In the early 19th century Noah Webster set about re-defining written English. His aim was to standardize the spoken word in the fledgling nation and to distinguish American from British usage. In his own words, “as an independent nation, our honor requires us to have a system of our own, in language as well as government.”
He used his dictionary, which still bears his name today, as a tool to cleanse English of its stubborn reliance on aristocratic pedantry and over-reliance on Latin and Greek. He “simplified” the spelling of numerous words that he believed were contsructed with rules that were all too complicated. Thus, “colour” became “color” and “honour” switched to “honor”; “centre” became “center”, “behaviour” to “behavior”, “traveller” to “traveler”....read more
Tuesday, January 3, 2012
New research into obesity and weight loss shows us why it’s so hard to keep weight lost from dieting from returning. The good news is that weight (re-)gain is not all due to a simple lack of control and laziness. However, the bad news is that keeping one’s weight down may be much more difficult due to the body’s complex defense mechanism.
Tara Parker-Pope over at the Well blog reviews some of the new findings, which seem to point the finger at a group hormones and specific genes that work together to help us regain those lost pounds.
From the New York Times:
Friday, October 21, 2011
Would you like to know when you will die?
This is a fundamentally personal and moral question which many may prefer to keep unanswered. That said, while scientific understanding of aging is making great strides it cannot yet provide an answer to the question. Though it may only be a matter of time.
Giles Tremlett over at the Guardian gives us a personal account of the fascinating science of telomeres, the end-caps on our chromosomes, and why they potentially hold a key to that most fateful question.
From the Guardian:
As a taxi takes me across Madrid to the laboratories of Spain’s National Cancer Research Centre, I am fretting about the future. I am one of the first people in the world to provide a blood sample for a new test, which has been variously described as a predictor of how long I will live, a waste of time or a handy indicator of how well (or badly) my body is ageing. Today I get the results....read more
Sunday, October 9, 2011
Though ongoing human evolution is difficult to see, researchers believe they’ve found signs of rapid genetic changes among the recent residents of a small Canadian town.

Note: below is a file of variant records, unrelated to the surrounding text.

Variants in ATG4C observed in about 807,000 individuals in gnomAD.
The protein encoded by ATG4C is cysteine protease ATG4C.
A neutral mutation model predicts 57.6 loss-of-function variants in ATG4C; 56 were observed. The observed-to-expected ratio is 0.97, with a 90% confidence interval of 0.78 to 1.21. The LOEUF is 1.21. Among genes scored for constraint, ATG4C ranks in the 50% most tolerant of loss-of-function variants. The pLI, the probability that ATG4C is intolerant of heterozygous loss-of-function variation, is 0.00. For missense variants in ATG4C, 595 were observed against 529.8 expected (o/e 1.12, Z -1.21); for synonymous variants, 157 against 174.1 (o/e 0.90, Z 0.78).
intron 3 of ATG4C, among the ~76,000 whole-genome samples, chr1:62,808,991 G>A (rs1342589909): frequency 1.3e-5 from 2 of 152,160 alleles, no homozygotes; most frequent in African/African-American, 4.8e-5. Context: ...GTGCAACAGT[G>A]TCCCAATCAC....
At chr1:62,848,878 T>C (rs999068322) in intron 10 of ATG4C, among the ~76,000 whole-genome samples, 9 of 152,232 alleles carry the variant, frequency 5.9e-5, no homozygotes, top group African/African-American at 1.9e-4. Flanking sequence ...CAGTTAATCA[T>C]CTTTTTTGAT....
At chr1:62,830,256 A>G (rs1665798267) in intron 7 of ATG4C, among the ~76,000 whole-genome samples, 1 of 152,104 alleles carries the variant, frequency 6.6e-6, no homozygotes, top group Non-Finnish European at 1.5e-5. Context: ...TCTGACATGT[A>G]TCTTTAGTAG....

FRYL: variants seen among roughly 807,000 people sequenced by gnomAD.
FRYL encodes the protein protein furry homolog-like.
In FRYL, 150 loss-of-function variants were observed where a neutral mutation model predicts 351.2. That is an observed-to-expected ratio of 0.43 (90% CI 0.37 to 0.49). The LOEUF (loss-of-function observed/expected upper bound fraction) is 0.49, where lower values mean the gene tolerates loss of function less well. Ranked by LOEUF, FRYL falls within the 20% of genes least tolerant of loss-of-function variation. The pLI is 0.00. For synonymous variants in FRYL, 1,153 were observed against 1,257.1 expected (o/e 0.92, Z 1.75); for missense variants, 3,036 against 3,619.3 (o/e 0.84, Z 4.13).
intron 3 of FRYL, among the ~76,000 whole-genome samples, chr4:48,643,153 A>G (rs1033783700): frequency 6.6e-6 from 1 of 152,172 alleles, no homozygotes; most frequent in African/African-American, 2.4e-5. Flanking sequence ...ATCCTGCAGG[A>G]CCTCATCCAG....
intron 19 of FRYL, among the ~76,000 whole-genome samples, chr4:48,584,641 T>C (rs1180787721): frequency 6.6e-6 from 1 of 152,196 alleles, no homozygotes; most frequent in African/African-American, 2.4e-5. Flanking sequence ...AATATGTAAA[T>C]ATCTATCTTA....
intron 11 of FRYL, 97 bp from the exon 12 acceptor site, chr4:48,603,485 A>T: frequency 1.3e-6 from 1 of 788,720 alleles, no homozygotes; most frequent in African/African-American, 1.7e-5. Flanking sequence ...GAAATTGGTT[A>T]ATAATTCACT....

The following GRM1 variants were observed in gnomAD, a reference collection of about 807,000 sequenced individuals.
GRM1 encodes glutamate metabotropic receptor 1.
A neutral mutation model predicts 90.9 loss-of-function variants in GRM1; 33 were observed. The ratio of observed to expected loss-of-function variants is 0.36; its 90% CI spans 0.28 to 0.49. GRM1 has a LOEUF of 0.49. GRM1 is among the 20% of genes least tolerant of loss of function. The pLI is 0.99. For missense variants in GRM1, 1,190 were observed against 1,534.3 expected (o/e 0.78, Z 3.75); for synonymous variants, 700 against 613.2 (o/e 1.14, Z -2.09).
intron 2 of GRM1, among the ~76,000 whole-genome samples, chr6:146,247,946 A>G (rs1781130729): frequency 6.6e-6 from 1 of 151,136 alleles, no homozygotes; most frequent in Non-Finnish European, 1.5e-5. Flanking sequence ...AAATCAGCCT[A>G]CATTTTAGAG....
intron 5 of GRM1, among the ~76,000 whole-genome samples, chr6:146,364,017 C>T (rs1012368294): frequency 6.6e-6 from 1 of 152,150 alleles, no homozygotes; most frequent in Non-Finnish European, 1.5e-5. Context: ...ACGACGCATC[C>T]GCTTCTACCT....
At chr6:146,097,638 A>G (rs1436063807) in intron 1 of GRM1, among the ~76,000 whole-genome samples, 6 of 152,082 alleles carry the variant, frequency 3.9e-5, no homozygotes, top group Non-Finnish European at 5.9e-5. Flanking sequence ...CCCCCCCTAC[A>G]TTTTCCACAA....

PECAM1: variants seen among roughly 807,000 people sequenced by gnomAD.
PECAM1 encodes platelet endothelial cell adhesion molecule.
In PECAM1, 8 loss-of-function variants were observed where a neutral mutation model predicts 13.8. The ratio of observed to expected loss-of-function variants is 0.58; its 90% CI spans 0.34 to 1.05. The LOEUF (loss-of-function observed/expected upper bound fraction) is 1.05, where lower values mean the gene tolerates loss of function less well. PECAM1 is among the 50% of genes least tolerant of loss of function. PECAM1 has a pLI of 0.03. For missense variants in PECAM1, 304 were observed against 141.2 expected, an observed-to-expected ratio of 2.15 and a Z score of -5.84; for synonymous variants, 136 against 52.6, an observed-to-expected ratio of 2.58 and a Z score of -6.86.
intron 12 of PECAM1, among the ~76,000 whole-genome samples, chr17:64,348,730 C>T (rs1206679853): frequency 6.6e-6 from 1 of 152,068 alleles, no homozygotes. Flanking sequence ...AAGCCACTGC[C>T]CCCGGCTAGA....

Between 1800 and 1940, mothers in Ile aux Coudres, Quebec gave birth at steadily younger ages, with the average age of first maternity dropping from 26 to 22. Increased fertility, and thus larger families, could have been especially useful in the rural settlement’s early history.
According to University of Quebec geneticist Emmanuel Milot and colleagues, other possible explanations, such as changing cultural or environmental influences, don’t fit. The changes appear to reflect biological evolution....read more
Tuesday, June 29, 2010
Several evenings a week, after a day’s work at Google headquarters in Mountain View, California, Sergey Brin drives up the road to a local pool. There, he changes into swim trunks, steps out on a 3-meter springboard, looks at the water below, and dives.
Brin is competent at all four types of springboard diving—forward, back, reverse, and inward. Recently, he’s been working on his twists, which have been something of a struggle. But overall, he’s not bad; in 2006 he competed in the master’s division world championships. (He’s quick to point out he placed sixth out of six in his event.)
The diving is the sort of challenge that Brin, who has also dabbled in yoga, gymnastics, and acrobatics, is drawn to: equal parts physical and mental exertion. “The dive itself is brief but intense,” he says. “You push off really hard and then have to twist right away. It does get your heart rate going.”...read more
Thursday, May 20, 2010
From the New Scientist:
For the first time, scientists have created life from scratch – well, sort of. Craig Venter‘s team at the J. Craig Venter Institute in Rockville, Maryland, and San Diego, California, has made a bacterial genome from smaller DNA subunits and then transplanted the whole thing into another cell. So what exactly is the science behind the first synthetic cell, and what is its broader significance?
What did Venter’s team do?
The cell was created by stitching together the genome of a goat pathogen called Mycoplasma mycoides from smaller stretches of DNA synthesised in the lab, and inserting the genome into the empty cytoplasm of a related bacterium. The transplanted genome booted up in its host cell, and then divided over and over to make billions of M. mycoides cells....read more
Monday, April 26, 2010
From The New York Times:
Edward M. Marcotte is looking for drugs that can kill tumors by stopping blood vessel growth, and he and his colleagues at the University of Texas at Austin recently found some good targets — five human genes that are essential for that growth. Now they’re hunting for drugs that can stop those genes from working. Strangely, though, Dr. Marcotte did not discover the new genes in the human genome, nor in lab mice or even fruit flies. He and his colleagues found the genes in yeast.
“On the face of it, it’s just crazy,” Dr. Marcotte said. After all, these single-cell fungi don’t make blood vessels. They don’t even make blood. In yeast, it turns out, these five genes work together on a completely unrelated task: fixing cell walls.
Sunday, March 5, 2006
From Scientific American:
A handful of genes that control the body’s defenses during hard times can also dramatically improve health and prolong life in diverse organisms. Understanding how they work may reveal the keys to extending human life span while banishing diseases of old age.
You can assume quite a bit about the state of a used car just from its mileage and model year. The wear and tear of heavy driving and the passage of time will have taken an inevitable toll. The same appears to be true of aging in people, but the analogy is flawed because of a crucial difference between inanimate machines and living creatures: deterioration is not inexorable in biological systems, which can respond to their environments and use their own energy to defend and repair themselves....read more